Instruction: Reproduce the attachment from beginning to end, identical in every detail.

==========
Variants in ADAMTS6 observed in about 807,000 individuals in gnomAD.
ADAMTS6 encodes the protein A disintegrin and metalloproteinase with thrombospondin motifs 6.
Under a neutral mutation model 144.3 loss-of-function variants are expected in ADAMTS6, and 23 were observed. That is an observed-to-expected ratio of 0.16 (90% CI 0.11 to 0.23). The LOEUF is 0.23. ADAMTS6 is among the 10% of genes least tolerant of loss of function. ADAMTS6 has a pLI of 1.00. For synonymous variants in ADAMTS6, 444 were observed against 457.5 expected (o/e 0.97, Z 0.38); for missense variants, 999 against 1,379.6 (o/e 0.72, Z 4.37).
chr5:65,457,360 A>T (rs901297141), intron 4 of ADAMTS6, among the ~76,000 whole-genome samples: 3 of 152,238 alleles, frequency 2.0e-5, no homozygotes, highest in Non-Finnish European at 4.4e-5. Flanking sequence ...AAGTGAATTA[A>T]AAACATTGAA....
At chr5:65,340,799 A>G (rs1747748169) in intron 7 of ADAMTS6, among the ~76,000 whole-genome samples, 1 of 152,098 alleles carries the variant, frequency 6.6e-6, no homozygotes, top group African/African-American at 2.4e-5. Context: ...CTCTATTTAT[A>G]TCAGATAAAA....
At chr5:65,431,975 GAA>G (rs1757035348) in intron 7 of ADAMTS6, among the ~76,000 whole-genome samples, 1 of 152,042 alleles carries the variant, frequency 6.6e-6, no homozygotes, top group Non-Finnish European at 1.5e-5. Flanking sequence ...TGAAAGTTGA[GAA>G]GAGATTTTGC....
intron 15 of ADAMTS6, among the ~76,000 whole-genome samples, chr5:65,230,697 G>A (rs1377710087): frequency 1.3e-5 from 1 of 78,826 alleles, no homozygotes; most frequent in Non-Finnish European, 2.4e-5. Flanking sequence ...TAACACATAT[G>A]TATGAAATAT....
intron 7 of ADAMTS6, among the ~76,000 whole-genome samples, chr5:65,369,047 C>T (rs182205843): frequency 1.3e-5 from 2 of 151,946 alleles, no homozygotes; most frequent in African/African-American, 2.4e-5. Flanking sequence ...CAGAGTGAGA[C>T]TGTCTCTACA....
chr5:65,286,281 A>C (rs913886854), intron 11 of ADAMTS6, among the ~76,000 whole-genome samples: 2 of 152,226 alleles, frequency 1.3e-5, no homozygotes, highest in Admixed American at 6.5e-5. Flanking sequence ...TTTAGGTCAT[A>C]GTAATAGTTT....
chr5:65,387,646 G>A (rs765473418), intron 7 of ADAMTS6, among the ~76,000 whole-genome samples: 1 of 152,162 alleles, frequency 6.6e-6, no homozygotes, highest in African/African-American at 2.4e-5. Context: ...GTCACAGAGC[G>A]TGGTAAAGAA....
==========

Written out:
Variants in ADAMTS6 observed in about 807,000 individuals in gnomAD.
ADAMTS6 encodes the protein A disintegrin and metalloproteinase with thrombospondin motifs 6.
Under a neutral mutation model 144.3 loss-of-function variants are expected in ADAMTS6, and 23 were observed. That is an observed-to-expected ratio of 0.16 (90% CI 0.11 to 0.23). The LOEUF is 0.23. ADAMTS6 is among the 10% of genes least tolerant of loss of function. ADAMTS6 has a pLI of 1.00. For synonymous variants in ADAMTS6, 444 were observed against 457.5 expected (o/e 0.97, Z 0.38); for missense variants, 999 against 1,379.6 (o/e 0.72, Z 4.37).
chr5:65,457,360 A>T (rs901297141), intron 4 of ADAMTS6, among the ~76,000 whole-genome samples: 3 of 152,238 alleles, frequency 2.0e-5, no homozygotes, highest in Non-Finnish European at 4.4e-5. Flanking sequence ...AAGTGAATTA[A>T]AAACATTGAA....
At chr5:65,340,799 A>G (rs1747748169) in intron 7 of ADAMTS6, among the ~76,000 whole-genome samples, 1 of 152,098 alleles carries the variant, frequency 6.6e-6, no homozygotes, top group African/African-American at 2.4e-5. Context: ...CTCTATTTAT[A>G]TCAGATAAAA....
At chr5:65,431,975 GAA>G (rs1757035348) in intron 7 of ADAMTS6, among the ~76,000 whole-genome samples, 1 of 152,042 alleles carries the variant, frequency 6.6e-6, no homozygotes, top group Non-Finnish European at 1.5e-5. Flanking sequence ...TGAAAGTTGA[GAA>G]GAGATTTTGC....
intron 15 of ADAMTS6, among the ~76,000 whole-genome samples, chr5:65,230,697 G>A (rs1377710087): frequency 1.3e-5 from 1 of 78,826 alleles, no homozygotes; most frequent in Non-Finnish European, 2.4e-5. Flanking sequence ...TAACACATAT[G>A]TATGAAATAT....
intron 7 of ADAMTS6, among the ~76,000 whole-genome samples, chr5:65,369,047 C>T (rs182205843): frequency 1.3e-5 from 2 of 151,946 alleles, no homozygotes; most frequent in African/African-American, 2.4e-5. Flanking sequence ...CAGAGTGAGA[C>T]TGTCTCTACA....
chr5:65,286,281 A>C (rs913886854), intron 11 of ADAMTS6, among the ~76,000 whole-genome samples: 2 of 152,226 alleles, frequency 1.3e-5, no homozygotes, highest in Admixed American at 6.5e-5. Flanking sequence ...TTTAGGTCAT[A>C]GTAATAGTTT....
chr5:65,387,646 G>A (rs765473418), intron 7 of ADAMTS6, among the ~76,000 whole-genome samples: 1 of 152,162 alleles, frequency 6.6e-6, no homozygotes, highest in African/African-American at 2.4e-5. Context: ...GTCACAGAGC[G>A]TGGTAAAGAA....